With what I consider a crisis at WAPA, I am sure the issue of privatization will once again be on the table. It is probably under the table already! It's an option for the territory to consider before the islands are hit by a rolling blackout.
Congress could act to help ease the budget pain in the USVI. For example, it could reform Medicare and Medicaid to bring as much as an extra $100 million to the USVI every year. Whether it will act is the question.
The USVI faces a host of economic problems made significantly worse by the impact of two hurricanes. Highlighting the facts is not just wallowing in doom and gloom, but an important part of facing them and making wise decisions.
If the V.I. government and Congress do not step up and take difficult, serious steps quickly, the unfilled budget shortfalls will play out painfully and chaotically.
Early in 2017, the U.S. Virgin Islands was facing massive structural deficits, fast-rising debt, multiple ratings downgrades, an inability to borrow and no clear path to solvency. Hurricanes Irma and Maria have made the situation dramatically worse.
With the U.S. Virgin Islands caught in a straitjacket of a budget crisis, there are things the U.S. Congress could do to help, starting with the funds the territory receives for rum production.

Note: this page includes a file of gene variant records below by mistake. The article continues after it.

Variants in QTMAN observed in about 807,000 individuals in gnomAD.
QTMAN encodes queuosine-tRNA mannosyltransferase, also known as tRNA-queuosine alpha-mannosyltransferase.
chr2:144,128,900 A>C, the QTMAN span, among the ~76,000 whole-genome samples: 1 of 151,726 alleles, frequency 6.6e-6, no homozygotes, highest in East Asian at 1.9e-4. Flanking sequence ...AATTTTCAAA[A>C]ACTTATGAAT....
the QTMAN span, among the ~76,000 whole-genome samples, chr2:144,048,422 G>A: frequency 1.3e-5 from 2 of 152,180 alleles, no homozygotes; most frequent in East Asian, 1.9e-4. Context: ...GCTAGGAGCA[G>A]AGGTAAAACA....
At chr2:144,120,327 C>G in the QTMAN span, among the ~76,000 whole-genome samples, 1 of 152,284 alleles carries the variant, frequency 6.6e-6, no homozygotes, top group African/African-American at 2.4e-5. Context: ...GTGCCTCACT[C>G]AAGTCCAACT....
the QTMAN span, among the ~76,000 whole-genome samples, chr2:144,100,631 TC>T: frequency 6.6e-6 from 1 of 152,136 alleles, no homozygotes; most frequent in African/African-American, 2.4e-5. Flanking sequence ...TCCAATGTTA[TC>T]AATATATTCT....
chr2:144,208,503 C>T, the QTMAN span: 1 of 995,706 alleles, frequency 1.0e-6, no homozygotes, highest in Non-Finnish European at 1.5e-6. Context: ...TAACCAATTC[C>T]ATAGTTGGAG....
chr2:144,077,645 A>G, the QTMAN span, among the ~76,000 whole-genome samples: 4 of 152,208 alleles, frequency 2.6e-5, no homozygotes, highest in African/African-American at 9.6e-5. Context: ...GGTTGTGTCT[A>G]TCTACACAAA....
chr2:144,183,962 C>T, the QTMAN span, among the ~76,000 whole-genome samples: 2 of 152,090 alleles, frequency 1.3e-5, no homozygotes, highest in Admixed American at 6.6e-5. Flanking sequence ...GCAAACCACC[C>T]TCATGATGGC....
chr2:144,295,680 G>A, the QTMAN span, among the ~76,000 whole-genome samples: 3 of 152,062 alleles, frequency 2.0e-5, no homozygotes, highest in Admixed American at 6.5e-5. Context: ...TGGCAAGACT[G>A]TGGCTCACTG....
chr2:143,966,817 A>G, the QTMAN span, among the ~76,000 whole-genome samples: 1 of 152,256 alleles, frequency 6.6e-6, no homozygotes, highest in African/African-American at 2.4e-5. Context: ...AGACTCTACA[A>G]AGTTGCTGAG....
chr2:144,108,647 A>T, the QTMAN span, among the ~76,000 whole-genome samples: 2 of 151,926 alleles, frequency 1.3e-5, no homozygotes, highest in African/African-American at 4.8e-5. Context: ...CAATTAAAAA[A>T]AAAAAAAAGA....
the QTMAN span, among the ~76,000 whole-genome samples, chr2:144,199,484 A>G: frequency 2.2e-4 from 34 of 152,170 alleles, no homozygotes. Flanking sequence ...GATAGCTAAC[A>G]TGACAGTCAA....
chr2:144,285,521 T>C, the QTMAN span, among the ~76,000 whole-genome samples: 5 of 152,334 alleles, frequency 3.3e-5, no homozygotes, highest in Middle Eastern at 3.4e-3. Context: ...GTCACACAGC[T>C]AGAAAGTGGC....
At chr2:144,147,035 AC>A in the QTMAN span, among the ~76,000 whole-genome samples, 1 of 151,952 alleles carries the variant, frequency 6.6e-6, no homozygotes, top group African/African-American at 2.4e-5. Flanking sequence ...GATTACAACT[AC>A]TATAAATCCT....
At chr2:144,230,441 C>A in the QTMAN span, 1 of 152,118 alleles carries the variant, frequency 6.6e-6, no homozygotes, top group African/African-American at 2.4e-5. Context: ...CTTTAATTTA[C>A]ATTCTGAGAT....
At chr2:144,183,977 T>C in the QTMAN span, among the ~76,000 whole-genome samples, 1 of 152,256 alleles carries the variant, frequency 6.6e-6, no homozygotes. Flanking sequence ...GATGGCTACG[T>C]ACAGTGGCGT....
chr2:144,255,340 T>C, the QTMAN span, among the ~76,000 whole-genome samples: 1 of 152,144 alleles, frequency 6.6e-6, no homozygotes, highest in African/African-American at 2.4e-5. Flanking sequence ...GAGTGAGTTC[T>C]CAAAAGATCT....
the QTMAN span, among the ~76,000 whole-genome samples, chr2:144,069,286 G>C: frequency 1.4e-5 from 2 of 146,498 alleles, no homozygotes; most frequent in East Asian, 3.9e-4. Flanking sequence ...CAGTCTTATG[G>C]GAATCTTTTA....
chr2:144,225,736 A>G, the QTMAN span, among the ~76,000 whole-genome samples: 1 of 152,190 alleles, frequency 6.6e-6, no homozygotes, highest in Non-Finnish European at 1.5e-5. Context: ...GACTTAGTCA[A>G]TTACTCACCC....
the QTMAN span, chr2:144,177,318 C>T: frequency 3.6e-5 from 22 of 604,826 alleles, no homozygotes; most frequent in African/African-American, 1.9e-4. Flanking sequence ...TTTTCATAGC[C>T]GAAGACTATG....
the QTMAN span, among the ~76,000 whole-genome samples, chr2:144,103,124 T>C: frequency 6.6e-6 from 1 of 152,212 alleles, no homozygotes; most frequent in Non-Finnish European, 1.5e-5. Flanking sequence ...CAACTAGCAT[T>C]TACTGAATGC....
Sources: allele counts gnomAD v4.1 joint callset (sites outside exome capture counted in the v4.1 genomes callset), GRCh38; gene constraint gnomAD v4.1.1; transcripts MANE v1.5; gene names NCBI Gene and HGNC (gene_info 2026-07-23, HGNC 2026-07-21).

Congress could do several things which would quickly eliminate the territory's budgetary problems.
One potential revenue source for helping the government dig out from under its budget crisis is already here and ubiquitous – Cannabis. While opposition remains, the tide of public opinion is swinging towards legalization.
As the territory struggles with its budget crisis, Gov. Kenneth Mapp and members of the Legislature have talked about possibly consolidating some government agencies...
The largest single department in the V.I. budget is Education, which means it's also got the biggest, most complicated budget. That makes searching for budget savings a daunting task.
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